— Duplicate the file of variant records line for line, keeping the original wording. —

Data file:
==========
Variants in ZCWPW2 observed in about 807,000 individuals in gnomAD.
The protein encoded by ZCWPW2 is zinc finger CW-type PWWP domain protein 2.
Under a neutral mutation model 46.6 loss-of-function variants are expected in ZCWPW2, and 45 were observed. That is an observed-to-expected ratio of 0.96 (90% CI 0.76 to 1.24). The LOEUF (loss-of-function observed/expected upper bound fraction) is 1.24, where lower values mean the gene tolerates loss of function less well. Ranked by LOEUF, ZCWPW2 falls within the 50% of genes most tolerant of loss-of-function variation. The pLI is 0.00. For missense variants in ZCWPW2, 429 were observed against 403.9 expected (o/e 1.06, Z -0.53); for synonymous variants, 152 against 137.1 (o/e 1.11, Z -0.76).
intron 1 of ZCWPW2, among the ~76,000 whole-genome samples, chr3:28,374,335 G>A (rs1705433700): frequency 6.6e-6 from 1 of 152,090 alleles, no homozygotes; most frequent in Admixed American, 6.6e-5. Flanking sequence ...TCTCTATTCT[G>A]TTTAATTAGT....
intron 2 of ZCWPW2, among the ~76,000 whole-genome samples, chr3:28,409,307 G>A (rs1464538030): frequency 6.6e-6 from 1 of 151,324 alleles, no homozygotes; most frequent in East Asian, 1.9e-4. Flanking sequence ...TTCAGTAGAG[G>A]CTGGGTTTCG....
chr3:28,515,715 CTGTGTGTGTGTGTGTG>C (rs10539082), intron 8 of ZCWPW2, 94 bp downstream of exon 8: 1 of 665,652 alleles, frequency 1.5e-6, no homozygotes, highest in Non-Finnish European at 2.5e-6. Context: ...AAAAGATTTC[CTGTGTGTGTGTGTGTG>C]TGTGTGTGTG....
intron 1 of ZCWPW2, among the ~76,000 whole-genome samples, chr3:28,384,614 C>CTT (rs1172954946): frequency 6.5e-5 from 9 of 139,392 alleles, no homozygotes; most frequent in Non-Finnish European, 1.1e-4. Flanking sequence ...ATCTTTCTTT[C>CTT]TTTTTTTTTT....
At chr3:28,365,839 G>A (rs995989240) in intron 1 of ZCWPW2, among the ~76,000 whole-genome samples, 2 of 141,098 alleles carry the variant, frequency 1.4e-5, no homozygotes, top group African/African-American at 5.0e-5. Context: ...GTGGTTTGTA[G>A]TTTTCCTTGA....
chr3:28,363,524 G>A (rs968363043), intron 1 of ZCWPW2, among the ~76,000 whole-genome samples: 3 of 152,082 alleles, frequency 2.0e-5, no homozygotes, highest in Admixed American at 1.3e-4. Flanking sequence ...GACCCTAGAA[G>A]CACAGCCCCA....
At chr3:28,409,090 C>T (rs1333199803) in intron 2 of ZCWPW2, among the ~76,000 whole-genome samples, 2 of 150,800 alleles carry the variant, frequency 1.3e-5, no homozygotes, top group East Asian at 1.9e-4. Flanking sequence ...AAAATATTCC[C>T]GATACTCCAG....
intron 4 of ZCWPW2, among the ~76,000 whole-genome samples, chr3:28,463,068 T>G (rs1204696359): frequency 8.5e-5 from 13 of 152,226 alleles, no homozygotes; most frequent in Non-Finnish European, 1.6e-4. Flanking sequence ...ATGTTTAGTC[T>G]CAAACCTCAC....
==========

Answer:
Variants in ZCWPW2 observed in about 807,000 individuals in gnomAD.
The protein encoded by ZCWPW2 is zinc finger CW-type PWWP domain protein 2.
Under a neutral mutation model 46.6 loss-of-function variants are expected in ZCWPW2, and 45 were observed. That is an observed-to-expected ratio of 0.96 (90% CI 0.76 to 1.24). The LOEUF (loss-of-function observed/expected upper bound fraction) is 1.24, where lower values mean the gene tolerates loss of function less well. Ranked by LOEUF, ZCWPW2 falls within the 50% of genes most tolerant of loss-of-function variation. The pLI is 0.00. For missense variants in ZCWPW2, 429 were observed against 403.9 expected (o/e 1.06, Z -0.53); for synonymous variants, 152 against 137.1 (o/e 1.11, Z -0.76).
intron 1 of ZCWPW2, among the ~76,000 whole-genome samples, chr3:28,374,335 G>A (rs1705433700): frequency 6.6e-6 from 1 of 152,090 alleles, no homozygotes; most frequent in Admixed American, 6.6e-5. Flanking sequence ...TCTCTATTCT[G>A]TTTAATTAGT....
intron 2 of ZCWPW2, among the ~76,000 whole-genome samples, chr3:28,409,307 G>A (rs1464538030): frequency 6.6e-6 from 1 of 151,324 alleles, no homozygotes; most frequent in East Asian, 1.9e-4. Flanking sequence ...TTCAGTAGAG[G>A]CTGGGTTTCG....
chr3:28,515,715 CTGTGTGTGTGTGTGTG>C (rs10539082), intron 8 of ZCWPW2, 94 bp downstream of exon 8: 1 of 665,652 alleles, frequency 1.5e-6, no homozygotes, highest in Non-Finnish European at 2.5e-6. Context: ...AAAAGATTTC[CTGTGTGTGTGTGTGTG>C]TGTGTGTGTG....
intron 1 of ZCWPW2, among the ~76,000 whole-genome samples, chr3:28,384,614 C>CTT (rs1172954946): frequency 6.5e-5 from 9 of 139,392 alleles, no homozygotes; most frequent in Non-Finnish European, 1.1e-4. Flanking sequence ...ATCTTTCTTT[C>CTT]TTTTTTTTTT....
At chr3:28,365,839 G>A (rs995989240) in intron 1 of ZCWPW2, among the ~76,000 whole-genome samples, 2 of 141,098 alleles carry the variant, frequency 1.4e-5, no homozygotes, top group African/African-American at 5.0e-5. Context: ...GTGGTTTGTA[G>A]TTTTCCTTGA....
chr3:28,363,524 G>A (rs968363043), intron 1 of ZCWPW2, among the ~76,000 whole-genome samples: 3 of 152,082 alleles, frequency 2.0e-5, no homozygotes, highest in Admixed American at 1.3e-4. Flanking sequence ...GACCCTAGAA[G>A]CACAGCCCCA....
At chr3:28,409,090 C>T (rs1333199803) in intron 2 of ZCWPW2, among the ~76,000 whole-genome samples, 2 of 150,800 alleles carry the variant, frequency 1.3e-5, no homozygotes, top group East Asian at 1.9e-4. Flanking sequence ...AAAATATTCC[C>T]GATACTCCAG....
intron 4 of ZCWPW2, among the ~76,000 whole-genome samples, chr3:28,463,068 T>G (rs1204696359): frequency 8.5e-5 from 13 of 152,226 alleles, no homozygotes; most frequent in Non-Finnish European, 1.6e-4. Flanking sequence ...ATGTTTAGTC[T>G]CAAACCTCAC....